Building a GraphQL powered application today requires integrating many different utility libraries. It is not that there aren't good quality building blocks available for the Node.js ecosystem, it is just that it requires time and effort to integrate them into a full working solution.
For the past few months, we have been working an open source project GRelDAL which drastically simplifies the effort required in mapping relational databases to efficient and adaptable GraphQL APIs powered by Node.js.
Unlike many other solutions, when you build your API using GRelDAL you are not restricted to a single database, you don't overfetch what you don't need and you don't end up unnecessary Node ↔ Database roundtrips, or hierarchical or N+1 access patterns.
However, GRelDAL only serves a small piece of the puzzle in a full stack application. That is how it was meant to be. It was designed from the day one to integrate well with the wider GraphQL ecosystem so we don't end up re-inventing the wheel everywhere.
What this means is that though the small core of GRelDAL is easy to maintain and test for us, and we can stand on the shoulder of giants for a lot of other functionality, the users still have to do quite a bit of work when building an application with GRelDAL.
A pre-configured starter kit
To simplify this, we have created GRelDAL Starter which is a bare-bones application which you can use a starting point for a full-stack GraphQL based application powered by Node.js, React and GRelDAL.
While this starter application is quite a bit more opinionated than GRelDAL itself, it eliminates the need to spend hours integrating small utilities before you can get started with the application logic.
This starter kit follows a monorepo structure (managed using lerna), with two packages: frontend and backend, both written in TypeScript.
To quickly get started with GRelDAL starter, we can clone the repo and install dependencies.
git clone https://github.com/gql-dal/greldal-starter.git my_app --depth=1 cd my_app yarn
With npm, we need to run one more command after this:
npm run bootstrap
We will also need a postgres server running to connect to it. If you don't have postgres installed, check out the instructions here.
The application will try to connect to a database of name
greldal_starter_development. You can change the
DATABASE_URL entry in
.env file to change this. Alternatively, you can also set an environment variable to configure this. We will later cover how to connect to a different database, but given the impeccable track record of Postgres on stability and versatility it is a great default choice for most common applications.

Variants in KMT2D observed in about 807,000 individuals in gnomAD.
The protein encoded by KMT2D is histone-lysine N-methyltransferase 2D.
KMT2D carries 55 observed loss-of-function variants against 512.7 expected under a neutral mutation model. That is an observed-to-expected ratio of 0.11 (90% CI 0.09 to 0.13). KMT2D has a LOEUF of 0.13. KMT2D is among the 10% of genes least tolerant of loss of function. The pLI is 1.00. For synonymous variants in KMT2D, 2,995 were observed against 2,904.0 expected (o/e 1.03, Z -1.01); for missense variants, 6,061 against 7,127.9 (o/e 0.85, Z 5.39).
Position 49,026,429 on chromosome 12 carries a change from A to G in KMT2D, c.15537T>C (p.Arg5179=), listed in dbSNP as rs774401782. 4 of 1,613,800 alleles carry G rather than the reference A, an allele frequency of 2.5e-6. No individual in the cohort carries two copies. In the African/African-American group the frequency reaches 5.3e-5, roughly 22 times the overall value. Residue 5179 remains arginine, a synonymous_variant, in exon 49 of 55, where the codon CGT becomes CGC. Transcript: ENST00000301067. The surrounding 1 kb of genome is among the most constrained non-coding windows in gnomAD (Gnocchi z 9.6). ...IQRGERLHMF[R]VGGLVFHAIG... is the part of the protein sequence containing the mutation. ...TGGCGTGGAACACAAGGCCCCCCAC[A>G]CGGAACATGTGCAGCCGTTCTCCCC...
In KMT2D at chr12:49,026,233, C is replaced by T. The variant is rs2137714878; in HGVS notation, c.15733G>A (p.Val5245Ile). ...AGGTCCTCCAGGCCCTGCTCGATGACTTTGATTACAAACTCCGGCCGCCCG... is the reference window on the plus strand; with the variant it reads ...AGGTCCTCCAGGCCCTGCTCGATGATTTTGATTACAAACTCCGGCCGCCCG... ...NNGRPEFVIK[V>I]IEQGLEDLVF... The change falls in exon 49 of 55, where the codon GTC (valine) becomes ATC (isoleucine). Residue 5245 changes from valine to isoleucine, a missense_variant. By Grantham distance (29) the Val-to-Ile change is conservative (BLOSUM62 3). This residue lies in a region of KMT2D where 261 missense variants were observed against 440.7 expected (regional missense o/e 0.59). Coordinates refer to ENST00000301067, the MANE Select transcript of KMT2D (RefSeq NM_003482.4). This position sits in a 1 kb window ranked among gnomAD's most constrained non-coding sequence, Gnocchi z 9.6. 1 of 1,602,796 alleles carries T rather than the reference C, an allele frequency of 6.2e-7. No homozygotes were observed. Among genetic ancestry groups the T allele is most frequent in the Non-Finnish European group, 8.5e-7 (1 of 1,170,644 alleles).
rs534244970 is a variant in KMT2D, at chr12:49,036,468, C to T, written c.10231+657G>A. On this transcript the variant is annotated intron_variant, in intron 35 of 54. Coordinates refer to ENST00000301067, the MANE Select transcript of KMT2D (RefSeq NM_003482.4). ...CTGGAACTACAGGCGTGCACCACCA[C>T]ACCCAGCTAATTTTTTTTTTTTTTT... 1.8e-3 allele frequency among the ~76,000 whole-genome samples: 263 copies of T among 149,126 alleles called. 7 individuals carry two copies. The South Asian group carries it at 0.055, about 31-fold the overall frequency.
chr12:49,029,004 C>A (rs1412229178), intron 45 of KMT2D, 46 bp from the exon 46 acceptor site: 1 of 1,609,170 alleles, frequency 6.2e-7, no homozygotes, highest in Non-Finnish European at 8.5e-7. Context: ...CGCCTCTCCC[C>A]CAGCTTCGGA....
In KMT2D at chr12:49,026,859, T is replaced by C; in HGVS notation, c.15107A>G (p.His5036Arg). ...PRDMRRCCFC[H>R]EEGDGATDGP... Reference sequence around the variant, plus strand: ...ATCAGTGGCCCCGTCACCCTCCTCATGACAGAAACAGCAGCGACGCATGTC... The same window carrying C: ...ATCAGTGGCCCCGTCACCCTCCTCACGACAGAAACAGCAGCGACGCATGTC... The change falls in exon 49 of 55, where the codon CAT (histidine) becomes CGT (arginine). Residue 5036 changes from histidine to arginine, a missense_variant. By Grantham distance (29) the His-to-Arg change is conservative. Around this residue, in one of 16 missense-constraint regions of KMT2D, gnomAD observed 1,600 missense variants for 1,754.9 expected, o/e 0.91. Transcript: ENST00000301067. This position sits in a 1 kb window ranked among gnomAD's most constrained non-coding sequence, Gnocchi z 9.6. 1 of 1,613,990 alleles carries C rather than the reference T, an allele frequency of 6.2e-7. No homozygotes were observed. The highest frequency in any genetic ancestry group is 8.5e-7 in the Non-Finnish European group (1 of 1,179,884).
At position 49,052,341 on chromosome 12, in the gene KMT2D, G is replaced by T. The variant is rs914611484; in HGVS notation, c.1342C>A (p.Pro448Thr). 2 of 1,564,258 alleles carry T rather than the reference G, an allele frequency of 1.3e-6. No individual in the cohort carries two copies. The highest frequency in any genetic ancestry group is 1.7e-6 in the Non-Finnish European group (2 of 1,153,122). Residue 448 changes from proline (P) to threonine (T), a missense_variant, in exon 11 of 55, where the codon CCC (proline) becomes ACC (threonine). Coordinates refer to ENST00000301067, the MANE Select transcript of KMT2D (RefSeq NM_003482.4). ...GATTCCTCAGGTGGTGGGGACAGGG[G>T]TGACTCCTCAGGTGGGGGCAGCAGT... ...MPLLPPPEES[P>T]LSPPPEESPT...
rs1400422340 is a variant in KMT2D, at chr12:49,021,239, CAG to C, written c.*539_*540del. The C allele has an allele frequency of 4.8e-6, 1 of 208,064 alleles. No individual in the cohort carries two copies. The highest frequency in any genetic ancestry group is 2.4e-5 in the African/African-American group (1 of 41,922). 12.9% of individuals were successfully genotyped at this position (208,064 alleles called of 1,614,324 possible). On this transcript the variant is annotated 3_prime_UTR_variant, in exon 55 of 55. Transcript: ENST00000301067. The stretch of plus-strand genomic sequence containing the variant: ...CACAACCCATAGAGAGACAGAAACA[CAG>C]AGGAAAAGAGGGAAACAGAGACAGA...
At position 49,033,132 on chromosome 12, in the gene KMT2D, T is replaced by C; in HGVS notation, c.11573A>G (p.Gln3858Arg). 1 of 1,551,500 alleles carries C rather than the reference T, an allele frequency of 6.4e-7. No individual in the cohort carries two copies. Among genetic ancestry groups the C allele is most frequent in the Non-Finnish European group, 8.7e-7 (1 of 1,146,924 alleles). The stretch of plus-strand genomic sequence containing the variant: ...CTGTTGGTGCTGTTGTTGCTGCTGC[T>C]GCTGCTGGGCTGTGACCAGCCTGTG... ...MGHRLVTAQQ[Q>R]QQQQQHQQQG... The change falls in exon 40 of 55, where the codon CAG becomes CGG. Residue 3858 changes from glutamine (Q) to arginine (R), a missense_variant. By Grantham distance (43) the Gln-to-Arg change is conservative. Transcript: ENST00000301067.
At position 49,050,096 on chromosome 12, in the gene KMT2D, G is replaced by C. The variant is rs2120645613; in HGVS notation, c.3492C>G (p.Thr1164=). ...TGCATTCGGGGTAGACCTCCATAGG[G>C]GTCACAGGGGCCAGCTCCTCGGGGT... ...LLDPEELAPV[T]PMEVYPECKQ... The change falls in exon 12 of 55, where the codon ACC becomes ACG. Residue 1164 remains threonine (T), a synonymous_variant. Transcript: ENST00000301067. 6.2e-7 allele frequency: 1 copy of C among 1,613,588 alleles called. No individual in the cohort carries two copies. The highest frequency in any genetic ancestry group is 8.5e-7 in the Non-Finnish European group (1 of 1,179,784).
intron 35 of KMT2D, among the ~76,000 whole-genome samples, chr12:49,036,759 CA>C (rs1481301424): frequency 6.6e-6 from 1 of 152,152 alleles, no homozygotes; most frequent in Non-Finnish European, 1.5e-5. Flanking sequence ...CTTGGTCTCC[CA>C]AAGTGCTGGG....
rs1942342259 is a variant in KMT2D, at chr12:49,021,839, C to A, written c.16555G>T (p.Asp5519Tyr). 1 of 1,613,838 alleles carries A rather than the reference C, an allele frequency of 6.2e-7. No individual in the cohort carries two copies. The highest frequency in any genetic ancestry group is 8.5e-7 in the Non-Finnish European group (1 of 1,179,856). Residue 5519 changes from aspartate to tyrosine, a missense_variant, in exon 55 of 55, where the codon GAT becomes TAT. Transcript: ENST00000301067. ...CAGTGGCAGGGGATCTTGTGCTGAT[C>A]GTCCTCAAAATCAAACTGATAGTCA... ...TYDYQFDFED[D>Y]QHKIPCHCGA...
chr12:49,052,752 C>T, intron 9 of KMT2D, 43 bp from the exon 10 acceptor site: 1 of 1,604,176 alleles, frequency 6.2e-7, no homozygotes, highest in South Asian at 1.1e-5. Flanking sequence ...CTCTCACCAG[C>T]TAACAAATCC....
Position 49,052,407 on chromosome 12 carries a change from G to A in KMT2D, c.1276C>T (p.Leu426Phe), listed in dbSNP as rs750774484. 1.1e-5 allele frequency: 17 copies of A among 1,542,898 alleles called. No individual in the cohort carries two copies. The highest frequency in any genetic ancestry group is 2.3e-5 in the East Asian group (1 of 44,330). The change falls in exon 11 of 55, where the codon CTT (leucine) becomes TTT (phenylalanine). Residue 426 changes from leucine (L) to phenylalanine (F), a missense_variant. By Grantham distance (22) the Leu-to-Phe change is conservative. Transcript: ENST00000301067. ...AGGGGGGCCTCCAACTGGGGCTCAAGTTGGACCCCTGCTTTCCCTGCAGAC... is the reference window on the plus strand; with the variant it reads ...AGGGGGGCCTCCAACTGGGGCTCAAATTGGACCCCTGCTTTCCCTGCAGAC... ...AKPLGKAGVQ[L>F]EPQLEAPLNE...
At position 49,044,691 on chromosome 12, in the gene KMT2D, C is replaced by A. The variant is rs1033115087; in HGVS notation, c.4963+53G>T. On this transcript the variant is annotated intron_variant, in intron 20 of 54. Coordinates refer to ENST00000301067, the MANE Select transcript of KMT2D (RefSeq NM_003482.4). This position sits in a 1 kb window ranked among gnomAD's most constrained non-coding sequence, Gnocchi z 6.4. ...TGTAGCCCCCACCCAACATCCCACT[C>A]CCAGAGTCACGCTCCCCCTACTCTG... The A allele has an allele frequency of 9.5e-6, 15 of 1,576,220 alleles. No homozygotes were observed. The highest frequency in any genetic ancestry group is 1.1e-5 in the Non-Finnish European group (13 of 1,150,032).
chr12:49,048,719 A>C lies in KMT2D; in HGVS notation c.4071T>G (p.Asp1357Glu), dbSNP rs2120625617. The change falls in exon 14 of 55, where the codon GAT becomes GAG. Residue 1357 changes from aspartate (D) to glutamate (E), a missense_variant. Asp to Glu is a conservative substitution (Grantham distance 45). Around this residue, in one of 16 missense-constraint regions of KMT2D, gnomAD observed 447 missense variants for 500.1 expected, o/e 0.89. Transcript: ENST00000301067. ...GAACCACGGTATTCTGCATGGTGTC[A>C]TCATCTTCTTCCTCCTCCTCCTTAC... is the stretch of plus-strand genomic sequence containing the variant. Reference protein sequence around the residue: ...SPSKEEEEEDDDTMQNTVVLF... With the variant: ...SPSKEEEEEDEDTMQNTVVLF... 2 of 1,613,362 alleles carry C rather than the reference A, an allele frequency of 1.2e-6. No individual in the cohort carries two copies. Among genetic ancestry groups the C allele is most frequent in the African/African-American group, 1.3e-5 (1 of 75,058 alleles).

Next we run the migrations to setup the required tables:
cd packages/backend yarn run migrate:latest
The starter kit comes with a few sample migrations in the
packages/backend/src/migrations directory, so we have some tables to play around with.
We can also run the seeds to populate some sample data in our tables:
yarn run seed:run
Again, we are using the Seed CLI provided by Knex.
Now, we have some tables in place, as well as some data we can tinker with.
Let us start our express server:
cd packags/backend yarn run start
We will now have a GraphQL server running on
We can now open
http://localhost:4000/graphql in the browser and use the graphiql in-browser IDE to play around with the API.
This is the same data that we see in the database explorer above, exposed through a GraphQL API.
In the next post in this series, we will explore more about the code behind this API.
Lets try out the client side application next.
The client side application
The client resides in a separate directory,
packages/frontend. We can run the dev-server for the client using a similar start script:
cd packages/frontend yarn run start
Now when we open
http://localhost:3000 in browser we should see a page like this:
Scrolling down below, we will find a tiny example component that talks to our graphql API. )
Now feel free to go and tinker with your code. On any change, both your server and client will reload and update automatically.
During development, the client dev-server will proxy to the GraphQL backend.
The next post in this series will explore more on the code that powers the application and what else GRelDAL is capable of.
While GRelDAL is still in beta, we have stopped making breaking changes to the API often, and almost all aspects are documented. We encourage you to try it out and are excited to see what you build with it.